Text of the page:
On the Vesuvius preamble, I wonder if that was always intended to be an optional section? Is there any indication how long it might have been intended to be?
Oh, I would say a page or two. I'll give you a more detailed summary.
The opening images are of little craters in the suburbs of Naples 'in the shadow of Vesuvius'. A guide tells the tour group about the destruction of Pompeii, including the damage from sulphurous fumes. He demonstrates how a lit cigarette causes the little craters to produce clouds of smoke. Haddock, who is not paying attention, lights his pipe, with a result that you can picture for yourself!
Then he and Tintin have a conversation about their plans for the rest of the holiday. And then we actually see two further short scenes: one of Nestor alone at Marlinspike bringing in the newspapers, which have headlines about 'a new international espionage affair'; and a scene of the Thom(p)sons receiving instructions to investigate the same affair.
Only after that do we get the scene of Tintin and Haddock driving that serves as the beginning of the later pencilled pages.
And to elaborate on my comment that the Vesuvius scene prefigures the Thermozéro
: we learn that it is designed to cause explosions in the vacuum of space and that, if used in ordinary conditions, it threatens to "inflame the molecules of oxygen in the air in a Dantean explosion".
Does the article suggest who actually applied these names in the first place, if the working title was Scénario Tintin
No, Goddin's piece doesn't explain. But I've had another look at what Jean-Marie Embs and Philippe Mellot say in the Archives Tintin
edition of Tibet
, and there are some hints there.
They say that, in 1960, Hergé remembered an article that he had kept from Marie-France
about some Americans who became 'radioactive' from exposure to 'a mysterious pill'. He then wrote this note: 'A bottle (or any other object) containing a deadly product (atomic pills? See Marie-France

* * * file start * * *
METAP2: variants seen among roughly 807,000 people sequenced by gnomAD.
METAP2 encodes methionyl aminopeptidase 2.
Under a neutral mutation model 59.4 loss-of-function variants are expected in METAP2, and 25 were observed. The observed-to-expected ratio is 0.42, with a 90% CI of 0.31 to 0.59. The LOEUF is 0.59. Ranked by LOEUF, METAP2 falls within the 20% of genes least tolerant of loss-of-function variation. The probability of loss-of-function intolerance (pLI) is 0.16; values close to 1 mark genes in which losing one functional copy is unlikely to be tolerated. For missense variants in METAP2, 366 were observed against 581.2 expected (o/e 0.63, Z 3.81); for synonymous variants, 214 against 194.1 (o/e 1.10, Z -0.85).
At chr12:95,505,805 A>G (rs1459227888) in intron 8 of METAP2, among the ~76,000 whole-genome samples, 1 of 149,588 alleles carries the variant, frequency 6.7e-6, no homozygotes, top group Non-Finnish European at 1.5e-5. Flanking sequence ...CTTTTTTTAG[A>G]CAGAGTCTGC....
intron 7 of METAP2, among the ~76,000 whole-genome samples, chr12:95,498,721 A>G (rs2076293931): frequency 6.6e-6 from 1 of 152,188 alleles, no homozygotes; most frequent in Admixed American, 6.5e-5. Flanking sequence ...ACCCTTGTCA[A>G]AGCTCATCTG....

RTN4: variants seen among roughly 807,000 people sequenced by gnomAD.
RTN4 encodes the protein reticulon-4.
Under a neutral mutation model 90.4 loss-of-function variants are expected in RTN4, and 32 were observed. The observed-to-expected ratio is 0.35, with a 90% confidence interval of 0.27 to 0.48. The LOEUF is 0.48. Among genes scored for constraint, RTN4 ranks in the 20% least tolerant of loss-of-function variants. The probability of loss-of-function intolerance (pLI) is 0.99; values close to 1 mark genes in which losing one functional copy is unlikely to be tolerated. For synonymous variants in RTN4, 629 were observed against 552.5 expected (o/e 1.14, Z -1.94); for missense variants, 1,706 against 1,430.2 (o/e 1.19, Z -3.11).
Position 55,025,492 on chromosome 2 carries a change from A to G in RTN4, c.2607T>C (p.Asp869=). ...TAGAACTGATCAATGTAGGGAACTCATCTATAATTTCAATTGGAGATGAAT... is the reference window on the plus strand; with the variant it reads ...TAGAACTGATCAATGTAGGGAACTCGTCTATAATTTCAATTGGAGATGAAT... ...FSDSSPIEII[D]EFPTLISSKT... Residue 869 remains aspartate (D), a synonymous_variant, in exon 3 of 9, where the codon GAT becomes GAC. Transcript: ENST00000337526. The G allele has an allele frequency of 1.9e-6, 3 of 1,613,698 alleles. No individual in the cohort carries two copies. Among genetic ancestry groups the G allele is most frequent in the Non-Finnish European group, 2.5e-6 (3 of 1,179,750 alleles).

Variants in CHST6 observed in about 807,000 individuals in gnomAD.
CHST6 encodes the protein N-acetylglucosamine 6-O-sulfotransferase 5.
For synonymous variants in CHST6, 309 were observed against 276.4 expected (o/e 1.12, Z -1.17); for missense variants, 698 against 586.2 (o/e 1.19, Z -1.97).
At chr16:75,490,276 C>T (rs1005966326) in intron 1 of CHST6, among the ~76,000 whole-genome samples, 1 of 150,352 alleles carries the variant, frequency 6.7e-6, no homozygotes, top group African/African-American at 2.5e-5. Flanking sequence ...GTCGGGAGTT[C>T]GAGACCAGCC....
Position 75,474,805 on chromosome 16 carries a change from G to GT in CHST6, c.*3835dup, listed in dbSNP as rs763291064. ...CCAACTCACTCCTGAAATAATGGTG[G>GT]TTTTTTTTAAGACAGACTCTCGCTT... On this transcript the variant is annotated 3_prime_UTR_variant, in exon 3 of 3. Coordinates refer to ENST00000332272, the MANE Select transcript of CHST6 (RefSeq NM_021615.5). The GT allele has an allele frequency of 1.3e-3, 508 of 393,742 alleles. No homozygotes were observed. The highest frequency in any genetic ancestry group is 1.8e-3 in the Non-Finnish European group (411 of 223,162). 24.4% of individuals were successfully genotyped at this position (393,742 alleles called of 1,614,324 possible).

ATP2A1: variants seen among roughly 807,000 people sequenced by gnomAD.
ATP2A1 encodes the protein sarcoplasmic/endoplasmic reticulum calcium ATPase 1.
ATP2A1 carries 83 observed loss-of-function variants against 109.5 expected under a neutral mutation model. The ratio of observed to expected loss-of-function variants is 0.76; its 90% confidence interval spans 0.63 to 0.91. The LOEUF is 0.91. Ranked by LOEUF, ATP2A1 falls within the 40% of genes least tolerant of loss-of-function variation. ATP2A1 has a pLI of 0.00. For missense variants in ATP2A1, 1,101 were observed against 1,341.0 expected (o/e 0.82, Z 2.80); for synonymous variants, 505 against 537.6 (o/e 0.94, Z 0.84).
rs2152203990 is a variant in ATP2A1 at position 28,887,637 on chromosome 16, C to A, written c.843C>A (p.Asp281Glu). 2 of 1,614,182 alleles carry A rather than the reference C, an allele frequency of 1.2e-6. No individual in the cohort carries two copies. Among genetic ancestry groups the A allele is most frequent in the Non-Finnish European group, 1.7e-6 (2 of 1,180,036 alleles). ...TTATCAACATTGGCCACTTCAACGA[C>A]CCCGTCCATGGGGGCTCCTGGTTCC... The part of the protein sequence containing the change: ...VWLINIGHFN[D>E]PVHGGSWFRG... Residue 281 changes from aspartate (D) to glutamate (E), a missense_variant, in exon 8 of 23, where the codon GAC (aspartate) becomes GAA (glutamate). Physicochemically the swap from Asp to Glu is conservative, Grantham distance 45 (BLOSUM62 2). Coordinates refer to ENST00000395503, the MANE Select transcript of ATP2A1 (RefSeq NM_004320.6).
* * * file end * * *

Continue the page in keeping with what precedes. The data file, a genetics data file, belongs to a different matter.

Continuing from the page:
) has been taken (by mistake) by someone. Tintin will pursue the fellow and will reach him at the moment when the product in question is going to begin its ravages'.
Embs and Mellot go on to say that Hergé handed over 'the development of a scenario inspired by this idea' to Greg, who rapidly produced 'a fifteen-page synopsis, untitled, that Hergé baptised Tintin et le Thermozéro
'. Now, the scenario that I have been talking about, according to Goddin's introduction, was sixteen pages in its original format. But a small discrepancy like that might easily be explained (for example, perhaps the sixteenth was just a cover page that Embs and Mellot didn't count). So we can probably infer that these are the same thing.
My best guess, then, is that Hergé himself came up with the pills idea but didn't develop it beyond the note I quoted; and when we see references to Les Pilules
, they are extrapolations from this earliest, embryonic version of the idea. Then Greg took over and changed the macguffin to the Thermozéro
, which led Hergé to name the project Tintin et le Thermozéro
. What do you think?
I would happily have had Tintin and Snowy team back in action as the focus.
Interested in this take! A weakness of Alph-Art
, I think, would have been the huge number of returning characters. I don't know if you also read Valerian
, but the finale of that series does a similar thing, and it leaves too little space for the story. On the other hand, we already have a pared-back book in Tibet
, focusing just on Tintin and Haddock. And I find it hard to imagine the later Tintin without at least Haddock. Don't you feel his absence in Black Gold
May be, but I'd still like to have the book to find out!
Well, yes! Or at least, I'd like an Alph Art
-style book. Even though some of the Thermozéro
material has already been published, it's all in such scattered and difficult-to-find places.
a deliberate move by Greg to show Hergé that he was better setting his own stories?
My sense is that, from about the time of Red Sea Sharks
, Hergé tried to avoid repeating himself. All the books after that are distinctive or experimental in some way. With Greg, in contrast, the similarity to Calculus Affair
makes me think of how his other Tintin plot, Lake of Sharks
, draws so heavily from Secret Ray
(the boy and girl standing in for Jo and Zette, the underwater tank, the underwater lair that floods at the end). So maybe just different tendencies? But I haven't read any of Greg's other work.
That was another long post. But I'm pleased you're interested in this too.